As someone who is heavily involved in the fitness industry, friends and family always come to me asking for gym advice - whether it's to lose weight or change the way parts of their body look. My suggestion to them always involves some sort of weight lifting component which always scares the females off. Speaking to my personal trainer friends, they also found this to be a huge misconception among women, which is why we decided to put this gifographic (GIF + infographic) together. So here are the 5 most common myths we hear as to why Women shouldn't lift weights and the truth behind each one. Share it with your female friends so that we can eradicate this misconception once and for all!
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<a href="https://trainedto.com/wp-content/uploads/2016/02/Why-Women-Should-Lift-Weights-Gifographic-v6.gif"><img src="https://trainedto.com/wp-content/uploads/2016/02/Why-Women-Should-Lift-Weights-Gifographic-v6.gif" alt="Why Women Should Lift Weights - 5 Myths Busted"></a><br />Source: <a href="https://trainedto.com/why-women-should-lift-weights/">Why Women Should Lift Weights - 5 Myths Busted</a>Text Version
Myth #1: Lifting weights make you bulky
This is by far the most common myth and the biggest fear for most women, however it couldn't be further from the truth. Just look at the difference in testosterone levels (a primary driver in muscle growth). Here is a comparison of the testosterone levels between men & women:
Men's Testosterone Range: 200-1200 ng/dl
Women's Testosterone Range: 15-70 ng/dl
Men on average have 15 times more testosterone level than women.
Truth: Women have 15 times less testosterone than men, which make it very difficult for them to get bulky.
Myth #2: My Goal is To Burn Fat, Not Get Stronger, So I Should Run, Not Lift Weight
A study that tested those who did weight training vs those who just did aerobic work (i.e. running on a treadmill) showed that the weight training group lost 21.1 lbs of fat vs 14.6 lbs for the group that did just aerobic work. That is 35% more fat lost for those who weight trained. The science: Strength training results in more calories burned in the 16 to 24 hours (or even up to 38 hours according to some studies) after your training session ends. This is known as the afterburn effect.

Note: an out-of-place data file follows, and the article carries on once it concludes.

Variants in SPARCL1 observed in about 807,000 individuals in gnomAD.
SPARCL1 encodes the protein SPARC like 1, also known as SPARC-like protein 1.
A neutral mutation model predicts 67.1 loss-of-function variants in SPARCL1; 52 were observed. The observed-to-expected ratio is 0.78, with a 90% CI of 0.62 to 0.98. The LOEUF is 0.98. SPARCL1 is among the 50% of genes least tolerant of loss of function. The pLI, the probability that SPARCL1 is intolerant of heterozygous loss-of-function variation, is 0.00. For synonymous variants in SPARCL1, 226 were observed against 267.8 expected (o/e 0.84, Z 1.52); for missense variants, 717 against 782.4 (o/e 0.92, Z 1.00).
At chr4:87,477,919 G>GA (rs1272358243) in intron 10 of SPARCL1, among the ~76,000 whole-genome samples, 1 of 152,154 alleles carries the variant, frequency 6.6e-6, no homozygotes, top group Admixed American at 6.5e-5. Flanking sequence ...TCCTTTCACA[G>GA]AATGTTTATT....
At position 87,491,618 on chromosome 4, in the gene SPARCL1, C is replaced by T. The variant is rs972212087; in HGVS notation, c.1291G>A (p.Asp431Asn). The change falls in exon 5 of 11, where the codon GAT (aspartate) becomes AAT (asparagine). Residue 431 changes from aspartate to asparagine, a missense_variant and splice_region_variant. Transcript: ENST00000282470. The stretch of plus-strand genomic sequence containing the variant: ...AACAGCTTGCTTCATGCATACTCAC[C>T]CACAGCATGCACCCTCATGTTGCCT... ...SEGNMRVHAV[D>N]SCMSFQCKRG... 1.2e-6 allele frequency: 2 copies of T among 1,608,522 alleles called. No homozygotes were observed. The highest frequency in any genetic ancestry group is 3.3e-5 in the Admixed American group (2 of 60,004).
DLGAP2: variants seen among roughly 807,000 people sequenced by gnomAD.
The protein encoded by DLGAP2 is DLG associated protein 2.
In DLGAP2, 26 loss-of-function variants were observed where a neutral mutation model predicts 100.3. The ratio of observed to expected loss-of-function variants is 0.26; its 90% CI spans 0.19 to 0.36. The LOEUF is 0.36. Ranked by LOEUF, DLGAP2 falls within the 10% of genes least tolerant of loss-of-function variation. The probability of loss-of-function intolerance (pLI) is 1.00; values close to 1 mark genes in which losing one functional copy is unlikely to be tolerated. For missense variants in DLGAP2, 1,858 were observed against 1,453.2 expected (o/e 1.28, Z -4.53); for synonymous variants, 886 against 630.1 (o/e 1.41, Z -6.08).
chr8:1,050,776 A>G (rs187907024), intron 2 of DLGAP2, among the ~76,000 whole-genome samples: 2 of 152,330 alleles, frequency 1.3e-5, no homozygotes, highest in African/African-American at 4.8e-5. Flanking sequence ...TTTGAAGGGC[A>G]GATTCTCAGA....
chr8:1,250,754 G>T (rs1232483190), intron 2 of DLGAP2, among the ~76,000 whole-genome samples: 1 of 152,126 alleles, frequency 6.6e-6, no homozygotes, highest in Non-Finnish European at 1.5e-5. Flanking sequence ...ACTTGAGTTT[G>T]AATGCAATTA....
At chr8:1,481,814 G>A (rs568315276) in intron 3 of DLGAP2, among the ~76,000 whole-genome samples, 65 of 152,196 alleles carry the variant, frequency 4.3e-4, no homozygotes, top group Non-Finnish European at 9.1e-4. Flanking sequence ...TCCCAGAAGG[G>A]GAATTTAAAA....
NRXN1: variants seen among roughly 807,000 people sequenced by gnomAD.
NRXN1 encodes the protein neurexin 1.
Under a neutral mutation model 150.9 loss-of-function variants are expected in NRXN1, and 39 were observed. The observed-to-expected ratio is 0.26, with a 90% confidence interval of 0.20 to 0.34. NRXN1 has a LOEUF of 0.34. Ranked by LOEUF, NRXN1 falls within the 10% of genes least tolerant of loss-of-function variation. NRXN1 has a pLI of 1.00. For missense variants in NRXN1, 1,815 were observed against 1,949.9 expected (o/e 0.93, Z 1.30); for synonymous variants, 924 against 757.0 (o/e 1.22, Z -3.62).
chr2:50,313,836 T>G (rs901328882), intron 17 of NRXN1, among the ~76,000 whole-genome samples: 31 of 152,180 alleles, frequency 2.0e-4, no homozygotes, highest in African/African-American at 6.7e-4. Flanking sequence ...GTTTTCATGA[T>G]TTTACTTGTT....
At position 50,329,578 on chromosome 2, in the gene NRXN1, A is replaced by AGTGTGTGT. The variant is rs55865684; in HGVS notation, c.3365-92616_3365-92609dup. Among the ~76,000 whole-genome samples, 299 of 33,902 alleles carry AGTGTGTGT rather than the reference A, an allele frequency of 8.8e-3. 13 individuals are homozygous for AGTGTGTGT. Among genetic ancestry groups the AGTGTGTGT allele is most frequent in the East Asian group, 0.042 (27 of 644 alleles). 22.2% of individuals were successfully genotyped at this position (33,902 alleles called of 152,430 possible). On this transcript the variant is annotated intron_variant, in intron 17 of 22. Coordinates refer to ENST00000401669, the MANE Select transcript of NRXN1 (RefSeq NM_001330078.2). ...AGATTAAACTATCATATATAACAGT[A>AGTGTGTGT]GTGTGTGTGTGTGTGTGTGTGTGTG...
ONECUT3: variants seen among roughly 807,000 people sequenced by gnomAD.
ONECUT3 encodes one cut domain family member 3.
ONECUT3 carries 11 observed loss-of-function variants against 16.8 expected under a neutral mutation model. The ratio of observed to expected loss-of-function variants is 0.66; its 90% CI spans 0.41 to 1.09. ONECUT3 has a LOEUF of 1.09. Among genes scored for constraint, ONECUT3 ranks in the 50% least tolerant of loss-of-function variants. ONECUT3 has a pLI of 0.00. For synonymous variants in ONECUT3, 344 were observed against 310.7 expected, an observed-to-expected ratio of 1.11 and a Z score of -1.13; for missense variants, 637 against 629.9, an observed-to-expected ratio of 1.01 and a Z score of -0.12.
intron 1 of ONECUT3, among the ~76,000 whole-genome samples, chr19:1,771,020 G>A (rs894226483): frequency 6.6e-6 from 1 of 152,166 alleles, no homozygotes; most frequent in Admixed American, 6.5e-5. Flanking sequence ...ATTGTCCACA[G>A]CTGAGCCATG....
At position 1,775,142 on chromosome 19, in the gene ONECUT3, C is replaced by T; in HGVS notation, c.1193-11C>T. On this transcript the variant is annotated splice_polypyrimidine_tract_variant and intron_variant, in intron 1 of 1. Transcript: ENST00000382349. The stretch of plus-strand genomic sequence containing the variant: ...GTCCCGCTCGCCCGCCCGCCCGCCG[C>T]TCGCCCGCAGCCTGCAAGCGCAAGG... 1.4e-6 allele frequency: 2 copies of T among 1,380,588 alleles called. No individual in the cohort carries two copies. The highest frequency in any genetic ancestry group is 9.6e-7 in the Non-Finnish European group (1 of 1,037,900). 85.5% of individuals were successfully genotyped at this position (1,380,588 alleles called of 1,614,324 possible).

Truth: Adding strength training to your gym routine burns significantly more fat than simply running on a treadmill for 45min.
Myth #3: Older Women Should Not Participate in Strength Training Exercises
By strength training larger muscle groups, older women will notice stronger bones, healthier joints, more independence later in life and decreased risk of insulin resistance and Diabetes. Bone Density: "Older women who did high-intensity weight training two days per week for a year were able to increase their bone density by one percent, while a control group of women who did not exercise had a bone density decrease of 1.8 to 2.5 percent.” - Prescription Alternatives, Professor Earl Mindell and Virginia Hopkins. Healthier Joints: "When people suffering from knee joint pain performed weight bearing exercises, they experienced a 43 percent reduction in pain after four months.” - Journal of Rheumatology
Truth: Lifting weights will give you stronger bones, and healthier joints, among many other benefits. Our very own Gua Sha tool also provides many of these benefits. Click here to learn more.
Myth #4: Lifting is Dangerous
From the Relative Safety of Weightlifting and Weight Training, the injury rates for weight training are significantly smaller than other sports. Here are a few statistics: Weight Training: 0.0035 Cross Country (in the UK): 0.37 Soccer: 6.2 (Values shown are injuries per 100 hours participation)
Truth: Weight lifting is much safer than many mainstream sports such as basketball and soccer that we expose our kids to every day.
Myth #5: I tried strength training but I am not losing weight
If all you’re tracking every day is your weight, then you can be led astray. As you incorporate more strength training, you'll burn fat, however you'll also gain more muscle mass. Because muscle is more dense, it may seem like you're not losing weight when you step on the scale even though fat is being burnt. As you incorporate more strength training, you'll burn fat, however you'll also gain more muscle mass. Because muscle is more dense, it may seem like you're not losing weight when you step on the scale even though fat is being burnt.
Truth: Measuring weight is misleading. It's much better to just pay attention to how your clothes fit and/or track your Body Fat Percentage!
Did we miss anything? Did this help? Let us know in the comments below!